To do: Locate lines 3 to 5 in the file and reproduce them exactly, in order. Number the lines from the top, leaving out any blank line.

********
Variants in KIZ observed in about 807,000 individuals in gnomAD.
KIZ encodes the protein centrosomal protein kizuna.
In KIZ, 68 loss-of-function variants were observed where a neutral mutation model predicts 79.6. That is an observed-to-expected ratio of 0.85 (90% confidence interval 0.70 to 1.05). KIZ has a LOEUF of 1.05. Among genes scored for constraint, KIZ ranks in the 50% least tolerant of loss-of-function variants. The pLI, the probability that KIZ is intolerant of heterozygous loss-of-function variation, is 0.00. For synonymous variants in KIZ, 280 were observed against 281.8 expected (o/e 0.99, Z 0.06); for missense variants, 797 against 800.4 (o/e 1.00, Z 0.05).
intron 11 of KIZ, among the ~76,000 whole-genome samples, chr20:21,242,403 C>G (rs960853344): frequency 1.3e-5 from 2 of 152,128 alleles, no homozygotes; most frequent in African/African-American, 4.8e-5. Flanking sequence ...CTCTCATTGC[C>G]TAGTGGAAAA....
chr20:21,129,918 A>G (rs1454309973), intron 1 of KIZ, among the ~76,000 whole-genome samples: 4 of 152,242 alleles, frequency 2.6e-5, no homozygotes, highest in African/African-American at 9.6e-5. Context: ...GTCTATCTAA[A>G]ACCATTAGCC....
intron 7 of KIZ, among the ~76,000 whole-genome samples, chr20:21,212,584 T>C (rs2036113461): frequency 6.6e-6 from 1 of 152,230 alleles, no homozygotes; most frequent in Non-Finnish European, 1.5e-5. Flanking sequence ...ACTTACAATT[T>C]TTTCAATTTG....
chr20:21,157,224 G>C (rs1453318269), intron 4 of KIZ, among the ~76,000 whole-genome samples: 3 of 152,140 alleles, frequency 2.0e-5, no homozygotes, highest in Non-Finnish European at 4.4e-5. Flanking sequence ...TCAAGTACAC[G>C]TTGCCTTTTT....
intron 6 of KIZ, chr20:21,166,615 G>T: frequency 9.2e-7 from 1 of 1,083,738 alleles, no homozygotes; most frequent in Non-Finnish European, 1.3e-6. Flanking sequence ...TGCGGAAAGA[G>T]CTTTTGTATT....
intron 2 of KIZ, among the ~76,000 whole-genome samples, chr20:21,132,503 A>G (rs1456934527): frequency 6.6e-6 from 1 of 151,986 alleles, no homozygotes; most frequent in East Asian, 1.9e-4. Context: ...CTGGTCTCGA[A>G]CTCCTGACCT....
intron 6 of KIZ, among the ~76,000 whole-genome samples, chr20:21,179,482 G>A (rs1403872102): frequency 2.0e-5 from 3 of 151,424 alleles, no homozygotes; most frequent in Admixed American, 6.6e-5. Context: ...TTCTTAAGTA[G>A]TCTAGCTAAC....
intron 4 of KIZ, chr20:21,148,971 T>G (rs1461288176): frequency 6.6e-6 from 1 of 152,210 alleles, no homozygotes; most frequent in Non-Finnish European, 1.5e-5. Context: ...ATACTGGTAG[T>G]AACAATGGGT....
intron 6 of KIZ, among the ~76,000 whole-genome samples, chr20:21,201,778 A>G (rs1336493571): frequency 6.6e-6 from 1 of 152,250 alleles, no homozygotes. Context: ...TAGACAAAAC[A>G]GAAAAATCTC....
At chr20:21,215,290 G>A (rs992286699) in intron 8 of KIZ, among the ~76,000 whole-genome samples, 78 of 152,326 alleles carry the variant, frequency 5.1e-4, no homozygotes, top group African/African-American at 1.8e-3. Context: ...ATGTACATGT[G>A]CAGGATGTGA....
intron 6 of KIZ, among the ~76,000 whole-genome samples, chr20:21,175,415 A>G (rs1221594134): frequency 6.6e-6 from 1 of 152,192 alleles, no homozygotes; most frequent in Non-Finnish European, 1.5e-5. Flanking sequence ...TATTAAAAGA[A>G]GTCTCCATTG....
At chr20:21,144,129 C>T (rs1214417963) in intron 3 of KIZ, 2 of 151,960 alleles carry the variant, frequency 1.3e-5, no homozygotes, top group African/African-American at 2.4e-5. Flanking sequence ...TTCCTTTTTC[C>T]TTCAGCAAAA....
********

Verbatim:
In KIZ, 68 loss-of-function variants were observed where a neutral mutation model predicts 79.6. That is an observed-to-expected ratio of 0.85 (90% confidence interval 0.70 to 1.05). KIZ has a LOEUF of 1.05. Among genes scored for constraint, KIZ ranks in the 50% least tolerant of loss-of-function variants. The pLI, the probability that KIZ is intolerant of heterozygous loss-of-function variation, is 0.00. For synonymous variants in KIZ, 280 were observed against 281.8 expected (o/e 0.99, Z 0.06); for missense variants, 797 against 800.4 (o/e 1.00, Z 0.05).
intron 11 of KIZ, among the ~76,000 whole-genome samples, chr20:21,242,403 C>G (rs960853344): frequency 1.3e-5 from 2 of 152,128 alleles, no homozygotes; most frequent in African/African-American, 4.8e-5. Flanking sequence ...CTCTCATTGC[C>G]TAGTGGAAAA....
chr20:21,129,918 A>G (rs1454309973), intron 1 of KIZ, among the ~76,000 whole-genome samples: 4 of 152,242 alleles, frequency 2.6e-5, no homozygotes, highest in African/African-American at 9.6e-5. Context: ...GTCTATCTAA[A>G]ACCATTAGCC....